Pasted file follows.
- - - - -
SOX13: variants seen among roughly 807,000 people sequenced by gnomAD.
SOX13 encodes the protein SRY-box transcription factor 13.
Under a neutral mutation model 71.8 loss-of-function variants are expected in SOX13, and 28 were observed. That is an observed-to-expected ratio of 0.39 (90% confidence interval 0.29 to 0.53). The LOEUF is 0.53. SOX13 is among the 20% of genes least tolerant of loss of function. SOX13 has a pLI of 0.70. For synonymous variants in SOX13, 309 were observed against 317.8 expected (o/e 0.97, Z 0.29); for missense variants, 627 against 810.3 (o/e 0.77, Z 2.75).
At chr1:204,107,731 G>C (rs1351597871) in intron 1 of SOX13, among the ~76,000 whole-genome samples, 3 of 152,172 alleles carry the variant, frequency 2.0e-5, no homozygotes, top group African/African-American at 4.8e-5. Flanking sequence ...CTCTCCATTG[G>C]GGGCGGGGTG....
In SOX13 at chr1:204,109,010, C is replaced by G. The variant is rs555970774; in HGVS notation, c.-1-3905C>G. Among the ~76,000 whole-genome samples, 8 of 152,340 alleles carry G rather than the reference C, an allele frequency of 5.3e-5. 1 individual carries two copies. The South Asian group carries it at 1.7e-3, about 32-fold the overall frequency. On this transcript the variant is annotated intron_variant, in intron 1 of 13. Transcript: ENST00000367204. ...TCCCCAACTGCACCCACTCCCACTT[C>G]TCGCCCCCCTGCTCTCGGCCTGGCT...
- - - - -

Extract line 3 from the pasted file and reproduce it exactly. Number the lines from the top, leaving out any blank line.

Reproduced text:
Under a neutral mutation model 71.8 loss-of-function variants are expected in SOX13, and 28 were observed. That is an observed-to-expected ratio of 0.39 (90% confidence interval 0.29 to 0.53). The LOEUF is 0.53. SOX13 is among the 20% of genes least tolerant of loss of function. SOX13 has a pLI of 0.70. For synonymous variants in SOX13, 309 were observed against 317.8 expected (o/e 0.97, Z 0.29); for missense variants, 627 against 810.3 (o/e 0.77, Z 2.75).